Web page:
Another way to view the integration gain afforded by coherent averaging is to consider the standard deviation of the input noise, sin, and the probability of measuring a particular value for the Figure 11-1 pulse amplitude. Assume that we made many individual measurements of the pulse amplitude and created a fine-grained histogram of those measured values to get the dashed curve in Figure 11-2. The vertical axis of Figure 11-2 represents the probability of measuring a pulse-amplitude value corresponding to the values on the horizontal axis. If the noise fluctuations follow the well-known normal, or Gaussian distribution, that dashed probability distribution curve is described by
Figure 11-2. Probability density curves of measured pulse amplitudes with no averaging (N = 1) and with N = 32 averaging.
where s = sin and the true pulse amplitude is represented by m = 2.5. We see from that dashed curve that any given measured value will most likely (with highest probability) be near the actual pulse-amplitude value of 2.5. Notice, however, that there's a nonzero probability that the measured value could be as low as 1.0 or as high as 4.0. Let's say that the dashed curve represents the probability curve of the pulse-plus-noise signal in Figure 11-1(a). If we averaged a series of 32 pulse-amplitude values and plotted a probability curve of our averaged pulse-amplitude measurements, we'd get the solid curve in Figure 11-2. This curve characterizes the pulse-plus-noise values in Figure 11-1(b). From this solid curve, we see that there's a very low likelihood (probability) that a measured value, after 32-point averaging, will be less than 2.0 or greater than 3.0.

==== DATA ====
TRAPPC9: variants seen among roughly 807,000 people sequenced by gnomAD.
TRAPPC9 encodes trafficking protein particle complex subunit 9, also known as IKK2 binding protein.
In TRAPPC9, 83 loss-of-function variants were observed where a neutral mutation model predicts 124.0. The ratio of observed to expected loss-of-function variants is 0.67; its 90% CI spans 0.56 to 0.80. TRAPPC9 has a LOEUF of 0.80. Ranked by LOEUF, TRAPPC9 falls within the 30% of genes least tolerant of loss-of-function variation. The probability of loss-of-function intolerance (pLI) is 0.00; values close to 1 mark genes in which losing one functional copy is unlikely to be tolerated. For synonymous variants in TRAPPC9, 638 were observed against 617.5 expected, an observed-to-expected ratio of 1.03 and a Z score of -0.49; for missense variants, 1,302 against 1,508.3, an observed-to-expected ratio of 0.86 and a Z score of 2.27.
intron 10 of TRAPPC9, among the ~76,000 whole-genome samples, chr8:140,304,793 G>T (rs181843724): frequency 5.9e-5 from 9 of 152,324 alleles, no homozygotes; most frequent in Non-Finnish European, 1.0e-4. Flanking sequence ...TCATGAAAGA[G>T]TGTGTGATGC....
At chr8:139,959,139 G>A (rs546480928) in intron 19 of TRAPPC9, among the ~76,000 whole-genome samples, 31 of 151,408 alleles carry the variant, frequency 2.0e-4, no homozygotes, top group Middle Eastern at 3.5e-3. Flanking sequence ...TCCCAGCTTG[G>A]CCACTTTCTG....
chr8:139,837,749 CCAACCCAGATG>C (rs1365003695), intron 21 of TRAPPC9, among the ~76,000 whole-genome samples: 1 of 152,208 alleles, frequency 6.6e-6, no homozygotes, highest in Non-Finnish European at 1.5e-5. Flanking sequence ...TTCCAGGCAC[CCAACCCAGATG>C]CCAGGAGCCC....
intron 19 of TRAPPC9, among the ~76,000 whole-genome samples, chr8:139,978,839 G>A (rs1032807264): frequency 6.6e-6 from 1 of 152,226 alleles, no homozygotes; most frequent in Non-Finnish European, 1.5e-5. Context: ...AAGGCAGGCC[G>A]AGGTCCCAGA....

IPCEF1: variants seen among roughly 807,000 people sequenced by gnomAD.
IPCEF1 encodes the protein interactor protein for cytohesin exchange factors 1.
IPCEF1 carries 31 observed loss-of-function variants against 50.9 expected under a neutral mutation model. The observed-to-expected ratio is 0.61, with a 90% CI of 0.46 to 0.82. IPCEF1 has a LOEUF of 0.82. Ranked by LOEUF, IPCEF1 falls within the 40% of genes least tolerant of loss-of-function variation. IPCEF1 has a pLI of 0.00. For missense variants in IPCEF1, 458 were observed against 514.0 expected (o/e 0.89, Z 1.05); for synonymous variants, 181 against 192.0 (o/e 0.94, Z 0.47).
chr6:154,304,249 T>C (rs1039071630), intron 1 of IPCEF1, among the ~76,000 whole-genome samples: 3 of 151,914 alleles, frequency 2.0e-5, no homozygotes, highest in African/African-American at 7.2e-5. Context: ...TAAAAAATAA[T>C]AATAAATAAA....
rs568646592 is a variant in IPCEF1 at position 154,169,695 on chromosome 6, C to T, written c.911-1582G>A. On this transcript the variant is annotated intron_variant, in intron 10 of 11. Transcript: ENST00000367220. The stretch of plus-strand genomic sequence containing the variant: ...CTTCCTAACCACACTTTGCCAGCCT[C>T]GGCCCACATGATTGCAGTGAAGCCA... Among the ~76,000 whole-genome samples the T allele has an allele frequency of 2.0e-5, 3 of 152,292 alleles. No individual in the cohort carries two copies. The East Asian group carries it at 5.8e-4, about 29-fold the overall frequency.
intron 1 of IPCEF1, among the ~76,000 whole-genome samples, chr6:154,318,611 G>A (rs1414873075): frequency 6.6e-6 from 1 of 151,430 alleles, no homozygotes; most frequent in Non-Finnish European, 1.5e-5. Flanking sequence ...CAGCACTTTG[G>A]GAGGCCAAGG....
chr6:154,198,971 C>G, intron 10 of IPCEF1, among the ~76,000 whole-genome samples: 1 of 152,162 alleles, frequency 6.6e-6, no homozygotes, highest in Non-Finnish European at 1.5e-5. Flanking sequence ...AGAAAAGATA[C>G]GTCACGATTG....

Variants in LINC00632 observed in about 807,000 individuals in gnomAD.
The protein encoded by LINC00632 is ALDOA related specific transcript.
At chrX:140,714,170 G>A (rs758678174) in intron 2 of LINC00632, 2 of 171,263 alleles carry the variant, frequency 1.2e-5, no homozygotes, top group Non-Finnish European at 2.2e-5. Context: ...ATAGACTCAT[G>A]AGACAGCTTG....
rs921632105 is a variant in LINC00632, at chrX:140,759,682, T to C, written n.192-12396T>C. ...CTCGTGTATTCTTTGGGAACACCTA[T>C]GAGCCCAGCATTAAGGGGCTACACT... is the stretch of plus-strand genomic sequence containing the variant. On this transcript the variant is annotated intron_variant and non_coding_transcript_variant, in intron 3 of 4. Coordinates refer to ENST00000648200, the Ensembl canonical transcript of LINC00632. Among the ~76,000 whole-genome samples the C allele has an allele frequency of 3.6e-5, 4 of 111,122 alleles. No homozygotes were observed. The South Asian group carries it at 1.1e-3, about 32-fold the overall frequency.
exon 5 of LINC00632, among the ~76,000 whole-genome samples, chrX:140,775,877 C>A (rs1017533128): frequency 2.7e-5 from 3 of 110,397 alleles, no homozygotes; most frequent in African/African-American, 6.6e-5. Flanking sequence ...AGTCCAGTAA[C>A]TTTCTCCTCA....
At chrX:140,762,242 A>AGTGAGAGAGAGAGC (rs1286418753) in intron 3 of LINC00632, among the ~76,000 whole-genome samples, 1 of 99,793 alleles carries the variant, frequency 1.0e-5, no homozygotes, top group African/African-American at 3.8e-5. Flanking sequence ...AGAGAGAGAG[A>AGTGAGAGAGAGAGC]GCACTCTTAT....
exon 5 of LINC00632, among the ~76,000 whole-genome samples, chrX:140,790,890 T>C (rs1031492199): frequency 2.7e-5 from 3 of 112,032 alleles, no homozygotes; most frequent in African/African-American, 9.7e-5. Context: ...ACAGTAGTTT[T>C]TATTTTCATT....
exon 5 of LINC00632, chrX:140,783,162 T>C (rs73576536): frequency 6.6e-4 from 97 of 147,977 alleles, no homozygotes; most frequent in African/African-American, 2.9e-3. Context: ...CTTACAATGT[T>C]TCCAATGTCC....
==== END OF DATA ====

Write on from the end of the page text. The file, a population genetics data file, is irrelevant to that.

From Eq. (11-9), we know that the standard deviation of the result of averaging 32 signal sample sets is
In Figure 11-2, we can see a statistical view of how an averager's output standard deviation is reduced from the averager's input standard deviation. Taking larger averages by increasing N beyond 32 would squeeze the solid curve in Figure 11-2 even more toward its center value of 2.5, the true pulse amplitude.
 The curves in Figure 11-2 are normalized for convenient illustration. From Eq. (11-15) and assuming that s = 1 when N = 1, then K = 0.3989. When N = 32, the new standard deviation is s' = s/ = 1/ and K = 0.3989 = 2.23.
Returning to the noisy pulse signal in Figure 11-1, and performing coherent averaging for various numbers of sample sets N, we see in Figure 11-3(a) that as N increases, the averaged pulse amplitude approaches the true amplitude of 2.5. Figure 11-3(b) shows how rapidly the variance of the noise riding on the pulse falls off as N is increased. An alternate way to see how the noise variance decreases with increasing N is the noise power plotted on a logarithmic scale as in Figure 11-3(c). In this plot, the noise variance is normalized to that noise variance when no averaging is performed, i.e., when N = 1. Notice that the slope of the curve in Figure 11-3(c) closely approximates that predicted by Eqs. (11-13) and (11-14); that is, as N increases by a factor of 10, we reduce the average noise power by 10 dB. Although the test signal in this discussion was a pulse signal, had the signal been sinusoidal, Eqs. (11-13) and (11-14) would still apply.
Figure 11-3. Results of averaging signal pulses plus noise: (a) measured pulse amplitude vs. N; (b) measured variance of pulse amplitude vs. N; (c) measured pulse-amplitude noise power vs. N on a logarithmic scale.